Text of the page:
What To Do If Your Tesla's Charging Port Won't Open

Your Tesla vehicle's lifeblood is the electricity provided through its convenient charging port. Just like the gas cap on a regular car, the charging port on a Tesla is usually opened within the cabin, albeit with the touch screen instead of a physical lever — though it can also be opened with your key fob, a switch on the port itself, and even by voice command. Considering the number of different ways you can open the charging port, you rarely have to worry about technical malfunctions. However, "rarely" does not mean "never."

In certain situations, your usual means of opening your Tesla's charging port may be unavailable to you. Maybe your car's battery is exhausted and you can't use the onboard systems, or your fob isn't working properly. In these unfortunate circumstances, there is still a way for you to pop open your Tesla's charging port and get it the juice it sorely needs.

How to manually open the charging port

If you can't open your Tesla's charging port with the onboard controls or your fob, there is a special emergency latch you can use to force the port open. Before you do this, check your Tesla's touch screen to see if it's currently in a charging state (assuming it has enough power for the screen). If it's reading as charging, even if you're not plugged in, press the Stop Charging button to stop it.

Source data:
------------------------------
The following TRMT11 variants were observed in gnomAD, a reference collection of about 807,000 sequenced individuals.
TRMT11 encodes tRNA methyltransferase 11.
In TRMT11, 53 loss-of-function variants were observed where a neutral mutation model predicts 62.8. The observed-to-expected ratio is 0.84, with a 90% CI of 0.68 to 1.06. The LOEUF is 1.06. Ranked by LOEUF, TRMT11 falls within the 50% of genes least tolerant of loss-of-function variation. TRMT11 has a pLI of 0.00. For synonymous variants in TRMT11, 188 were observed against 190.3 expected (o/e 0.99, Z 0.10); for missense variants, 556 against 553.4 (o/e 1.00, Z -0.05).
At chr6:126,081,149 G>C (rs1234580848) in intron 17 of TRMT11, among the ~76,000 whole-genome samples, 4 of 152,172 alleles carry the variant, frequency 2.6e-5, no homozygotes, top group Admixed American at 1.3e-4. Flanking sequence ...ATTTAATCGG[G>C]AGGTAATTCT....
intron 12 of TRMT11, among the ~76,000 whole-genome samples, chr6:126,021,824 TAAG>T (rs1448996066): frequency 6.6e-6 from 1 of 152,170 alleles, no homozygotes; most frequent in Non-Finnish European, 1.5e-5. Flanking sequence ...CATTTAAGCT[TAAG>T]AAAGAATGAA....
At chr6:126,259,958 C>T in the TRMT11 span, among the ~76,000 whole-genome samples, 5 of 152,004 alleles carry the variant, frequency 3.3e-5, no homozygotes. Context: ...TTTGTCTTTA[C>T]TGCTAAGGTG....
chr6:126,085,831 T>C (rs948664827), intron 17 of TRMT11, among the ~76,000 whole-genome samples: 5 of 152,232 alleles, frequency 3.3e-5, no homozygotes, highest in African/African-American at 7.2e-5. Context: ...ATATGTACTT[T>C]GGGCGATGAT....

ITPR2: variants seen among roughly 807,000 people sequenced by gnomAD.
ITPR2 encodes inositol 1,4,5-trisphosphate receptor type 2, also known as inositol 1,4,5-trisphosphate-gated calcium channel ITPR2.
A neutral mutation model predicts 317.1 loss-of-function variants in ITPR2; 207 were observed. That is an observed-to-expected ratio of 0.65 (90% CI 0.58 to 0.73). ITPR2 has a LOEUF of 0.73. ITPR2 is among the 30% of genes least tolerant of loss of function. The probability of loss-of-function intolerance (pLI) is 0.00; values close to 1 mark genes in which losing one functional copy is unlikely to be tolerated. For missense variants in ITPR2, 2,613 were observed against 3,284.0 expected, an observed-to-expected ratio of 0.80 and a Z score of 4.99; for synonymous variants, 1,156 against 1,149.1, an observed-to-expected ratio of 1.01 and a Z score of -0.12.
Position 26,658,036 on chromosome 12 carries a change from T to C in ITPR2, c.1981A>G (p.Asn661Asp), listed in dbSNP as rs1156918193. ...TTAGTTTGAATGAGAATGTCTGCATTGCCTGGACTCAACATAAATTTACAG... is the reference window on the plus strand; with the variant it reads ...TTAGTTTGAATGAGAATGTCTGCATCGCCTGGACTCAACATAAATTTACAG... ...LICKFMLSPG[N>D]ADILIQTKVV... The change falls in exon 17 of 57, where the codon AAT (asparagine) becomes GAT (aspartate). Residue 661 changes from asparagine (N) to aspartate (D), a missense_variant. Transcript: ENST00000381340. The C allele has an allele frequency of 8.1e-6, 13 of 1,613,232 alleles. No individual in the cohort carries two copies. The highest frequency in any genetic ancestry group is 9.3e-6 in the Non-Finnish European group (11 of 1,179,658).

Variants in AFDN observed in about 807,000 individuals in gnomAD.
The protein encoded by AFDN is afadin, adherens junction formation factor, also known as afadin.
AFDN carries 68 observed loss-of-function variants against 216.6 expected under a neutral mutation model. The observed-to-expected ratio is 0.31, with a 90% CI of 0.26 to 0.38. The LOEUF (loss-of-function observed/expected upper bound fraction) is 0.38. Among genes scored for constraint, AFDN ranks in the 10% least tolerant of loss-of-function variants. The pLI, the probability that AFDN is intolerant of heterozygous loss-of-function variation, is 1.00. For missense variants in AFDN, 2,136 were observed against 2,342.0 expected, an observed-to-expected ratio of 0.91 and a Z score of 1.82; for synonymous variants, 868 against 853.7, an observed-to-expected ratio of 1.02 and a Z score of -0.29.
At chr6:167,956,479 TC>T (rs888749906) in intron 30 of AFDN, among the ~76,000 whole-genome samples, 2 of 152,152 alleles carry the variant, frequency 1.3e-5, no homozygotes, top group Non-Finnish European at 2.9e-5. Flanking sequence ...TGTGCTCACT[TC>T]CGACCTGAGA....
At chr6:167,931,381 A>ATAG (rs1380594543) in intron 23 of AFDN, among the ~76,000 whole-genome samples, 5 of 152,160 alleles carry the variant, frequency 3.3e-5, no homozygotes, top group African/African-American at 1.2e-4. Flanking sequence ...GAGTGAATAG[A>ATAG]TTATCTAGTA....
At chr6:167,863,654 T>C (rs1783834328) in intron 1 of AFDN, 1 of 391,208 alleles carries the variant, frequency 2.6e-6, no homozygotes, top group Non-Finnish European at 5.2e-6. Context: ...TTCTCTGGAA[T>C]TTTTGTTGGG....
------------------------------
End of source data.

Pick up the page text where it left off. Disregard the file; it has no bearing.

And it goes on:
1. Open your Tesla's rear trunk.

  2. Check the left side of the trunk trim to locate a flap.

  3. Open the flap to find the charging port manual release lever.

  4. Press down the lever and hold it toward the front of the car to open the charging port and release the charging cable.

  5. Pull the charging cable out from the port.

  6. Return to the trunk and close the release lever flap.

You can now plug the charging cable in and use it as you normally would. When you're finished charging, put the cable back in the port and close it up.

Notes and warnings

It should be stressed that this method for opening the charging port should only be used in emergencies, when it cannot be opened any other way. Forcing the port open like this isn't good for its structural integrity. Using it repeatedly instead of proper opening methods could result in damage to the charging port or cable.

More importantly, you should exercise caution when manually opening the charging port, as there are several ways you could inadvertently expose yourself to a live current. First, don't touch any orange voltage covers near the release flap. Secondly, do not use the manual release lever while the car is actively charging or if its voltage covers are exposed. Finally, don't try to grab the charging cable at the same time as the manual release lever. Open the port fully first, then pull the cable out.

Depending on the exact model and region of your Tesla, its manual release lever may not be in the exact same place, if it even has a manual release lever. If you're ever unsure about the function or location of your manual release lever, call up your nearest Tesla Service Center. They can walk you through the exact process over the phone.